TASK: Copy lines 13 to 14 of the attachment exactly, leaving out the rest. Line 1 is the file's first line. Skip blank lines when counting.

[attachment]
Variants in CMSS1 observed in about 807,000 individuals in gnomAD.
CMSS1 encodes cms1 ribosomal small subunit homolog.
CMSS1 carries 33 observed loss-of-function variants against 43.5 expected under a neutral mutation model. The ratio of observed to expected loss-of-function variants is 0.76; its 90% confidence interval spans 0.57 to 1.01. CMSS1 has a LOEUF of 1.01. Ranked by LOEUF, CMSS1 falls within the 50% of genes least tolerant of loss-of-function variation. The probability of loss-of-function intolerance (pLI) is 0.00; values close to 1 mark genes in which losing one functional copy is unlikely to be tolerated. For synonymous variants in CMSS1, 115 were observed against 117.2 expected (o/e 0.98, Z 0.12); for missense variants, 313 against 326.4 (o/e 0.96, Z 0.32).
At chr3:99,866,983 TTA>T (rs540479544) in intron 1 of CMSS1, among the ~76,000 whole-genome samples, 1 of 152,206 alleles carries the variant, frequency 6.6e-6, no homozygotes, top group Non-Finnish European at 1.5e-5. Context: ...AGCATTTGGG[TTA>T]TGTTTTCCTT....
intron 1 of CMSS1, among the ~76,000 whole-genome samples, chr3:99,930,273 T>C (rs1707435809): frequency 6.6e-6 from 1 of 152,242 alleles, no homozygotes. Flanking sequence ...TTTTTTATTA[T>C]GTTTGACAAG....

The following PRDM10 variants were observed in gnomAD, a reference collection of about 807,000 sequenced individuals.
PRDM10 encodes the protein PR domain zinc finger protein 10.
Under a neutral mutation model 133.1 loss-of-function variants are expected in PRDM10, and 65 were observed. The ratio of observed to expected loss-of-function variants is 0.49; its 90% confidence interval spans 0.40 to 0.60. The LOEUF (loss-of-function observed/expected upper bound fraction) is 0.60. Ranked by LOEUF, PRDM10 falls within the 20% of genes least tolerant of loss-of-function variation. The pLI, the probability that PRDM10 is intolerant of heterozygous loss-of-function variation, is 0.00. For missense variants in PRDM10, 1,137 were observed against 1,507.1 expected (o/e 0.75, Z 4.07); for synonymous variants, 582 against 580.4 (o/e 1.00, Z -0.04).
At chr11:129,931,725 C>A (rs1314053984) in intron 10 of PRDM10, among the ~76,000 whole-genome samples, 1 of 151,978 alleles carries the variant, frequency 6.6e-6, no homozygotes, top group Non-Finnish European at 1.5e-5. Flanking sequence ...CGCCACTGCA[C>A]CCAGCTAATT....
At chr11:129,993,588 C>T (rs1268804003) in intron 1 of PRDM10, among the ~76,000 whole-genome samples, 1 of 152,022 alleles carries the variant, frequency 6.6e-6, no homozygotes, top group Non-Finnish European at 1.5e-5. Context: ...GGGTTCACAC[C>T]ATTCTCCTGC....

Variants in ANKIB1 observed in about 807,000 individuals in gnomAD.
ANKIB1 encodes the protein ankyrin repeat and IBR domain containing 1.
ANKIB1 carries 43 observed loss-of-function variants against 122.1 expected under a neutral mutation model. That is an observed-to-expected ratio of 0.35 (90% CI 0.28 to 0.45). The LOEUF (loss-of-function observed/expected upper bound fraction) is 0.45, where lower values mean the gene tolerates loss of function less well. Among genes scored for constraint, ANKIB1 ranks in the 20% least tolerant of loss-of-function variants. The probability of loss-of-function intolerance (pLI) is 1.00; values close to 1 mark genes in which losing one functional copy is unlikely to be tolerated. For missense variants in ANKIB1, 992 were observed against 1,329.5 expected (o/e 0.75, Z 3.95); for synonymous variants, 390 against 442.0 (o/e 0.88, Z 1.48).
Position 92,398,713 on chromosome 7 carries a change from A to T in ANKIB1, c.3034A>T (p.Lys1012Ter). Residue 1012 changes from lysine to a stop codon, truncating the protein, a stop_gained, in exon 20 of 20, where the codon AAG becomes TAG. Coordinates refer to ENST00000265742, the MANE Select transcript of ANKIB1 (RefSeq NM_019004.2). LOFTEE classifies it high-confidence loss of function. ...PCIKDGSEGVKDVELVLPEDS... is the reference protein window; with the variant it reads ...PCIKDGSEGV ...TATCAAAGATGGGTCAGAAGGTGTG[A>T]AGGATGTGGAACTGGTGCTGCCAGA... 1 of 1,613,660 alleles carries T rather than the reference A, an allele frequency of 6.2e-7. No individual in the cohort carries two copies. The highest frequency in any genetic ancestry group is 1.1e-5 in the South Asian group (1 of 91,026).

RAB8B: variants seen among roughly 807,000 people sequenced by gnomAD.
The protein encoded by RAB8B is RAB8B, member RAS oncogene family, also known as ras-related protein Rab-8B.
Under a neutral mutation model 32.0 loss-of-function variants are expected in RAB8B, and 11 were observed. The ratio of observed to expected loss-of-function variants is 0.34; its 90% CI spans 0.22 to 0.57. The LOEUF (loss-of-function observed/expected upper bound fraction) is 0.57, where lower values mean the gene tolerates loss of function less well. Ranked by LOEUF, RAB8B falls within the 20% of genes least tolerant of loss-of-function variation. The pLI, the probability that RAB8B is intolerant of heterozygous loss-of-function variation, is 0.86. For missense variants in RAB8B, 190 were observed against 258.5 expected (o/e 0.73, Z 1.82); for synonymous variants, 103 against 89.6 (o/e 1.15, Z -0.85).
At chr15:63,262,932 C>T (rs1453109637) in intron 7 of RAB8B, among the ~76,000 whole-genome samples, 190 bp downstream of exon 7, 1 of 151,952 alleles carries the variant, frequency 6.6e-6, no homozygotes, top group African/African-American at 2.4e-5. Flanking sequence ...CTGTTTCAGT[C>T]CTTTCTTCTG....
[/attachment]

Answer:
ANKIB1 carries 43 observed loss-of-function variants against 122.1 expected under a neutral mutation model. That is an observed-to-expected ratio of 0.35 (90% CI 0.28 to 0.45). The LOEUF (loss-of-function observed/expected upper bound fraction) is 0.45, where lower values mean the gene tolerates loss of function less well. Among genes scored for constraint, ANKIB1 ranks in the 20% least tolerant of loss-of-function variants. The probability of loss-of-function intolerance (pLI) is 1.00; values close to 1 mark genes in which losing one functional copy is unlikely to be tolerated. For missense variants in ANKIB1, 992 were observed against 1,329.5 expected (o/e 0.75, Z 3.95); for synonymous variants, 390 against 442.0 (o/e 0.88, Z 1.48).
Position 92,398,713 on chromosome 7 carries a change from A to T in ANKIB1, c.3034A>T (p.Lys1012Ter). Residue 1012 changes from lysine to a stop codon, truncating the protein, a stop_gained, in exon 20 of 20, where the codon AAG becomes TAG. Coordinates refer to ENST00000265742, the MANE Select transcript of ANKIB1 (RefSeq NM_019004.2). LOFTEE classifies it high-confidence loss of function. ...PCIKDGSEGVKDVELVLPEDS... is the reference protein window; with the variant it reads ...PCIKDGSEGV ...TATCAAAGATGGGTCAGAAGGTGTG[A>T]AGGATGTGGAACTGGTGCTGCCAGA... 1 of 1,613,660 alleles carries T rather than the reference A, an allele frequency of 6.2e-7. No individual in the cohort carries two copies. The highest frequency in any genetic ancestry group is 1.1e-5 in the South Asian group (1 of 91,026).